Basque music around the world: Ugandan “street children” playing “Lau Teilatu” and “Txoriak txori”


That music transcends boundaries is something that people already know. It’s hard to imagine a band playing “Lau Teilatu”, “Euskal Herrian Euskaraz” or “Txoriak Txori” is in a remote area of ​​Africa. It all started when Navarrese music teacher David Orduña volunteered a few years ago in Iganga, a Ugandan town of around 550,000 people. There, the NGO that works with it, Destino Uganda, has a project at the Iganga Community Brass Band Music School, which works for Take back children who live on the streets and help them reorient their lives through music. “The gang gives them a roof, food, healthcare and a future. There just so happens to be on the street Sniff the glue for being professional musicians. They cling to life through machines», Orduña explains.

Professor Navarese took advantage of his visit to spread the book of Basque songs throughout Ugandan territory, which at the same time helped him spread the project of this non-governmental organization in the Basque Country. “In Iganga, the music of the military bands is often played by children. But as long as you focus In learning songs for other audiencesWith the goal of making the project more visible. Since my visit was during Christmas, we decided to register Basque Country And that people congratulate themselves on Christmas with this video. It was a success, too We are encouraged to play “Txoriak Txori” and “Lau Teilatu”.Remember.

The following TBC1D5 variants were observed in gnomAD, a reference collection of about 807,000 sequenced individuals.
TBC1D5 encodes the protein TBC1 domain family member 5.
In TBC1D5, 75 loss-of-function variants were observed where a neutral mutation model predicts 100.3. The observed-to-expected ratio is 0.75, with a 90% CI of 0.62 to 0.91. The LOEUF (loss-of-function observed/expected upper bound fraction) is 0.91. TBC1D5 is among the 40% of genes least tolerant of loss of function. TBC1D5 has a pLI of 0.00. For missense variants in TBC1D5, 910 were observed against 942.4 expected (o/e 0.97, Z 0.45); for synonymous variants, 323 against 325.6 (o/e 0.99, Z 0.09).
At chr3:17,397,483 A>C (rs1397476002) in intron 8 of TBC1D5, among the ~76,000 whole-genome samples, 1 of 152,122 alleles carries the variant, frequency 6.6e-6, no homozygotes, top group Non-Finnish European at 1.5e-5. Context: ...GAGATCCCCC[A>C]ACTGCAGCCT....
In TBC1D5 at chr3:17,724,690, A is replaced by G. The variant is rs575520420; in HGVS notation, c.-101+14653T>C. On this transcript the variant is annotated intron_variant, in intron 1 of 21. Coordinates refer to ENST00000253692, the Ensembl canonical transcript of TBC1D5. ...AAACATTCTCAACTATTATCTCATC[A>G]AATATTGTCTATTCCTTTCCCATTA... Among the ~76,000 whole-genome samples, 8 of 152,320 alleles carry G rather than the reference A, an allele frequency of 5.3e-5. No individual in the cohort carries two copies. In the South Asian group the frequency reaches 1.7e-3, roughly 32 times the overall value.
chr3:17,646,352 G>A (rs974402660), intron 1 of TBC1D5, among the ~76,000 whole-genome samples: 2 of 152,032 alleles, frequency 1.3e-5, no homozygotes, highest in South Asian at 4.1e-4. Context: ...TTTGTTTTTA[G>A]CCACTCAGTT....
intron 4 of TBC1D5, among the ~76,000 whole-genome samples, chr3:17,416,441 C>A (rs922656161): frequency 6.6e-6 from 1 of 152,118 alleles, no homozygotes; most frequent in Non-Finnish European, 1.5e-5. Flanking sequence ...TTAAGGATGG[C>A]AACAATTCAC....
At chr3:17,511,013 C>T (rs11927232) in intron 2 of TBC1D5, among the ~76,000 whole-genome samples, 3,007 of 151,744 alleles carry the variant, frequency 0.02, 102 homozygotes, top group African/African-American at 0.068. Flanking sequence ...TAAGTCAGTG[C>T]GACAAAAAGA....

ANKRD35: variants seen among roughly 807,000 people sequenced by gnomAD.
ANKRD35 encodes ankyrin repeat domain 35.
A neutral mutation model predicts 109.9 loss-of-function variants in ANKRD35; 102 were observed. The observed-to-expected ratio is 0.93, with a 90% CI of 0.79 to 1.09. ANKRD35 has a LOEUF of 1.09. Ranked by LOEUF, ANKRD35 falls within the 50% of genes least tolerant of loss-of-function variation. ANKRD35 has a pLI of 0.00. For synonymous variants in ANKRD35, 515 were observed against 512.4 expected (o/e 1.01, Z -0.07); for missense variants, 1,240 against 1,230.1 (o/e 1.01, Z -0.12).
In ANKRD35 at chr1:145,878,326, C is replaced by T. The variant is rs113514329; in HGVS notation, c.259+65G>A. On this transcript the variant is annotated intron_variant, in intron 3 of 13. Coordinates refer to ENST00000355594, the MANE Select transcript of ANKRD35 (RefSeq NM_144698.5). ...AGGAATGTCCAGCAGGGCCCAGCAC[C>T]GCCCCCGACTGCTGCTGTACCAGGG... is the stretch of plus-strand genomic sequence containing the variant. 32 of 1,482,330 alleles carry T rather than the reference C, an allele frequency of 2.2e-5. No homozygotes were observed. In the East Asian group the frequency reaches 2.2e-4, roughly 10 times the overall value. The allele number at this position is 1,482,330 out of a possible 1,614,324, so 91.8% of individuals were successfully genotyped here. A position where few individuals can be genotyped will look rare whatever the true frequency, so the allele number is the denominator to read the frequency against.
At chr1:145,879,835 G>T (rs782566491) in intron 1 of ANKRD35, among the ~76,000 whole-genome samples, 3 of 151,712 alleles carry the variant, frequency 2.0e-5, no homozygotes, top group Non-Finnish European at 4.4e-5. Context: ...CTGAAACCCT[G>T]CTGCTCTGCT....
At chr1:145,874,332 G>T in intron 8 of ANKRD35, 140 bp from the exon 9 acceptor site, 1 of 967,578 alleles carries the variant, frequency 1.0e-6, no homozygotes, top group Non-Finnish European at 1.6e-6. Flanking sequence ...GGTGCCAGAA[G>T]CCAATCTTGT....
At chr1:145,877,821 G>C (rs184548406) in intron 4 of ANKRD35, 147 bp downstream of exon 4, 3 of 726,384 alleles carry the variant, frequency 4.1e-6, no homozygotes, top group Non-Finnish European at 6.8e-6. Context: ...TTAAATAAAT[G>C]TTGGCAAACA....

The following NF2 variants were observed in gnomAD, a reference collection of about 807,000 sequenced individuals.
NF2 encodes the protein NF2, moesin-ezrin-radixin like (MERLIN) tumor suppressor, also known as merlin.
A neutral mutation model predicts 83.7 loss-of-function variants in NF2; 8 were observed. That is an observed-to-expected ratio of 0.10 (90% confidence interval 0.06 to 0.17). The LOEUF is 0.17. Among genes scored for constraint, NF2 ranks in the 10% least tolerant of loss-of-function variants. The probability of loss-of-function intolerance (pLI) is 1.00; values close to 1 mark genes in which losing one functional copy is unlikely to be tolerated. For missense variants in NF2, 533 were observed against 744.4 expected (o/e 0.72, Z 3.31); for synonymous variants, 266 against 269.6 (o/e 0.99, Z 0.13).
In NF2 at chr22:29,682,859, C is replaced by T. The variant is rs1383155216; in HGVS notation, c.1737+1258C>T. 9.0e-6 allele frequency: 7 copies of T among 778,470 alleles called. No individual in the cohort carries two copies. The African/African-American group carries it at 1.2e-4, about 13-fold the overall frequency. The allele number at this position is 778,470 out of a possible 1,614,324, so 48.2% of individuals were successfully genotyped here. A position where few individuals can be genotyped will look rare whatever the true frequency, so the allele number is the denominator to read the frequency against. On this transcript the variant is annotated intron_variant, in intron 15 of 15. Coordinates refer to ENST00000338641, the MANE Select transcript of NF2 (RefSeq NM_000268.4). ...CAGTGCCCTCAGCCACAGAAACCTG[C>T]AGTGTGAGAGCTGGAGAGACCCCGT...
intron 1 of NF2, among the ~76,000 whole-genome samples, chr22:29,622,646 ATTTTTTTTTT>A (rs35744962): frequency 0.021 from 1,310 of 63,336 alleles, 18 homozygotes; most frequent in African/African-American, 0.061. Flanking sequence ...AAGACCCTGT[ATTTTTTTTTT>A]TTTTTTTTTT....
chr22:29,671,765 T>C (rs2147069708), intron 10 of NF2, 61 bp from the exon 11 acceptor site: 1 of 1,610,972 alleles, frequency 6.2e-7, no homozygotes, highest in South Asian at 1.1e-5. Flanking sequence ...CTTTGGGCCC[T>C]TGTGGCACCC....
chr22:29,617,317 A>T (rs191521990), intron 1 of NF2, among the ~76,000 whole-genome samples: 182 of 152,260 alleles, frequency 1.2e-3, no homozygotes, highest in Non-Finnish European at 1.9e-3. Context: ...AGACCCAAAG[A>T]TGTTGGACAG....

“Birds birds”

The project was developing, and after six years, it has become more than just a music school. Serves around 70 guys with a harsh past behind them, 25 of them live in the squad facilities. “The key is the time they take in the music. There is no TV, no internet, no video games and that It allows you to focus more on learning new machines and exercising. Additionally, they work with Motivation and gratitude that music was the way out of the street. They have a lot of talents, you give them an instrument and they do miracles, ”says the Navarre musician enthusiastically.

Basque Country

Ordonia visited the center up to four times. On his travels he met hundreds of young people, but if he had to choose a special case, it would be from John Susi Mpandi, one of the creators of this project. Mpande was the ‘street boy’ about 50 years ago, Troubled times in Uganda, with thousands displaced across the country. He was saved by a group of missionaries who welcomed him into a community of “more children, where they ensure food and education.”

One of the missionaries had musical knowledge and “saw him from the very first moment A special talent for JohnSo he convinced his group of They will pay for music studies. He did so well that he ended up as a teacher at the Conservatory in Kampala, the nation’s capital. I’m not happy with that, He saved money by giving lessons and concerts and came to Europe To graduate at a later time in a procedure in the Netherlands ».

But Mpande He was not going to get rich, but rather to be a role model Who saved him from the street. “He gave up the comfort that Europe offered him to return to it His country and giving other children the opportunity that life gave himAnd this is how the project looked like, “Ordonia concludes.

Anyone who wants to support the project can do so through As a teamContribute € 1 per month, or on their website Destiny UgandaDonate as much as you want. All proceeds go directly to the children’s shelter.

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